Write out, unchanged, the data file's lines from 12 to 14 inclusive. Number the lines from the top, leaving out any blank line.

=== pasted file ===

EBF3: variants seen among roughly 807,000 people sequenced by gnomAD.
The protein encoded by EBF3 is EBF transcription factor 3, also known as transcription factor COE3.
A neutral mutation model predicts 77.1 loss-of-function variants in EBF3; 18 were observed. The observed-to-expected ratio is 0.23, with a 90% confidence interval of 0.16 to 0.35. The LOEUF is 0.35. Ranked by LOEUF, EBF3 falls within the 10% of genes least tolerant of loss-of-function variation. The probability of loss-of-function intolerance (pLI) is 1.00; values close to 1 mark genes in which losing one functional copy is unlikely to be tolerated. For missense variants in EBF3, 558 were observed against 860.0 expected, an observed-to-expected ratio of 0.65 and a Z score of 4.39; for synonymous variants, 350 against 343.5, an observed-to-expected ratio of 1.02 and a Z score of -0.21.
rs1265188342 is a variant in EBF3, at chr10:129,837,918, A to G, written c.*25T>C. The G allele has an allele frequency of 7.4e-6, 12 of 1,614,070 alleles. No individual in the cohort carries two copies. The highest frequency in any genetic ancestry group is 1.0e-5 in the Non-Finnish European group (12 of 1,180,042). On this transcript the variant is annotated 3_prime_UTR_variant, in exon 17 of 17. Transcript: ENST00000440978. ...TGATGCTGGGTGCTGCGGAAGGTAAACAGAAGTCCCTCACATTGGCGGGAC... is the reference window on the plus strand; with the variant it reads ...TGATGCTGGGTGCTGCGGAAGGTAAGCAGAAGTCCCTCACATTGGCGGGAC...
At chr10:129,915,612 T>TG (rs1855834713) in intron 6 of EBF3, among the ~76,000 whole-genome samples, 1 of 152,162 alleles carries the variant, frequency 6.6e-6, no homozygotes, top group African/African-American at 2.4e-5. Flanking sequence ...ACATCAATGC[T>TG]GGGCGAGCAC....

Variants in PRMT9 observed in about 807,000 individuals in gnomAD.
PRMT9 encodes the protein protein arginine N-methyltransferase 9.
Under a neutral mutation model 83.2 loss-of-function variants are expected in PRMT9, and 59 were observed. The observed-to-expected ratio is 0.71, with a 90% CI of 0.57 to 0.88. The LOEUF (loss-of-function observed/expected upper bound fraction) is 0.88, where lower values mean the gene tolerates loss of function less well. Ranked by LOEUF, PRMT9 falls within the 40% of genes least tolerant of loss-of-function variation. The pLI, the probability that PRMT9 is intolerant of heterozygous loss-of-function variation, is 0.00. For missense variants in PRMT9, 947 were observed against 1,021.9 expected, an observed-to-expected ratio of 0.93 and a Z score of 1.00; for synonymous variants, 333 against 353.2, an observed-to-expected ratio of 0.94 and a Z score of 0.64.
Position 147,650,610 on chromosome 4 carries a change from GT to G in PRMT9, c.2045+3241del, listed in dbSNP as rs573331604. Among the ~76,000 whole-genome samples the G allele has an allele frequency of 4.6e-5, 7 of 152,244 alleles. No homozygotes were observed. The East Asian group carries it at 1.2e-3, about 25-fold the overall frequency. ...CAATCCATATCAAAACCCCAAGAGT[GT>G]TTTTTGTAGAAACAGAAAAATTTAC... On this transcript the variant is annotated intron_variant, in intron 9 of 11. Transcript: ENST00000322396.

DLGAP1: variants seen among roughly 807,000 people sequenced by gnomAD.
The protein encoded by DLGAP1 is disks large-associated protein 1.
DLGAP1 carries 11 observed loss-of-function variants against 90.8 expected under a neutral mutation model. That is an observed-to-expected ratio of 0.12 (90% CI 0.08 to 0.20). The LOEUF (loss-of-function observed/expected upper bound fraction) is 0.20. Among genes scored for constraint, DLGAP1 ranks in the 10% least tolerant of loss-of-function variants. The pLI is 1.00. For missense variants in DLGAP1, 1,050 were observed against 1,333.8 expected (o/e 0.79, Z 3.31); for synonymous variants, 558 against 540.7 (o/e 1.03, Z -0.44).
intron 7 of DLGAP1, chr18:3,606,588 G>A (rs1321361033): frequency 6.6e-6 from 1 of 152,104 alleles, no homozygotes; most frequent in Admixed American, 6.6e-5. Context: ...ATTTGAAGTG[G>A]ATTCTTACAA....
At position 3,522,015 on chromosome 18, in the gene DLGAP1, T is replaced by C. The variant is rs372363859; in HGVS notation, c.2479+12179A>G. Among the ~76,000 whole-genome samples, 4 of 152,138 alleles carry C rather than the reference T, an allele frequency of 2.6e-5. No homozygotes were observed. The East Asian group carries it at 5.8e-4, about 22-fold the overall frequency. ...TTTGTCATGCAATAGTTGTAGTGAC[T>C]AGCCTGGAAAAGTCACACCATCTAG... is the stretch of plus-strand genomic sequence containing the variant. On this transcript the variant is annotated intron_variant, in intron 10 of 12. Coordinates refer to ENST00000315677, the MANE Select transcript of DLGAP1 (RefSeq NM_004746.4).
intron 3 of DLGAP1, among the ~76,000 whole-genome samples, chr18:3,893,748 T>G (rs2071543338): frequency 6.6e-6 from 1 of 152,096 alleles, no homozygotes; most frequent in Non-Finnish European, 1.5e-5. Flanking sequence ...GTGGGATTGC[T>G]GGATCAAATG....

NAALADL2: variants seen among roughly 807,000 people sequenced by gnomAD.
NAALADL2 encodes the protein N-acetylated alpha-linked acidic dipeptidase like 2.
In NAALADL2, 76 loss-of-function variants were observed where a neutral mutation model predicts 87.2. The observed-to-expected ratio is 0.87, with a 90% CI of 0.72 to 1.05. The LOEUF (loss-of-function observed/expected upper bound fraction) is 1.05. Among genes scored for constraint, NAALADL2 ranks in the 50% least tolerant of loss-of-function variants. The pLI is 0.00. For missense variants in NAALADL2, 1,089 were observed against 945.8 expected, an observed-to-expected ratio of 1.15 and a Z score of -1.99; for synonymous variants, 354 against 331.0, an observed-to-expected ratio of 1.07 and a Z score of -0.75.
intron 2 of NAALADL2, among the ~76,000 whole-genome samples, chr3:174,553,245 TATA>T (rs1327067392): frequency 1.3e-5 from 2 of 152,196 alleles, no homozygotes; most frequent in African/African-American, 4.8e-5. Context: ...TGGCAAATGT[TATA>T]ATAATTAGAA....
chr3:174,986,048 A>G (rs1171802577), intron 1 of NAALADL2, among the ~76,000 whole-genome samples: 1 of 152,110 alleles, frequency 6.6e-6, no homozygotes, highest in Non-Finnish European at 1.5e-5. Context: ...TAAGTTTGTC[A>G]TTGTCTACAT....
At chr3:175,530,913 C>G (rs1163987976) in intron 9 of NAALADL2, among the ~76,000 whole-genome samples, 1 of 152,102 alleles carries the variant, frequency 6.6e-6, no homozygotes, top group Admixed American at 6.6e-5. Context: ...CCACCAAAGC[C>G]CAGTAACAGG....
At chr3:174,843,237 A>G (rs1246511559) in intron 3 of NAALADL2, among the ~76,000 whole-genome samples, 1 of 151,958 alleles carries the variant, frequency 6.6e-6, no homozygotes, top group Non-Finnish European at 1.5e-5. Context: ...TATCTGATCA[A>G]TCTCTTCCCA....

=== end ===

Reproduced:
DLGAP1 carries 11 observed loss-of-function variants against 90.8 expected under a neutral mutation model. That is an observed-to-expected ratio of 0.12 (90% CI 0.08 to 0.20). The LOEUF (loss-of-function observed/expected upper bound fraction) is 0.20. Among genes scored for constraint, DLGAP1 ranks in the 10% least tolerant of loss-of-function variants. The pLI is 1.00. For missense variants in DLGAP1, 1,050 were observed against 1,333.8 expected (o/e 0.79, Z 3.31); for synonymous variants, 558 against 540.7 (o/e 1.03, Z -0.44).
intron 7 of DLGAP1, chr18:3,606,588 G>A (rs1321361033): frequency 6.6e-6 from 1 of 152,104 alleles, no homozygotes; most frequent in Admixed American, 6.6e-5. Context: ...ATTTGAAGTG[G>A]ATTCTTACAA....
At position 3,522,015 on chromosome 18, in the gene DLGAP1, T is replaced by C. The variant is rs372363859; in HGVS notation, c.2479+12179A>G. Among the ~76,000 whole-genome samples, 4 of 152,138 alleles carry C rather than the reference T, an allele frequency of 2.6e-5. No homozygotes were observed. The East Asian group carries it at 5.8e-4, about 22-fold the overall frequency. ...TTTGTCATGCAATAGTTGTAGTGAC[T>C]AGCCTGGAAAAGTCACACCATCTAG... is the stretch of plus-strand genomic sequence containing the variant. On this transcript the variant is annotated intron_variant, in intron 10 of 12. Coordinates refer to ENST00000315677, the MANE Select transcript of DLGAP1 (RefSeq NM_004746.4).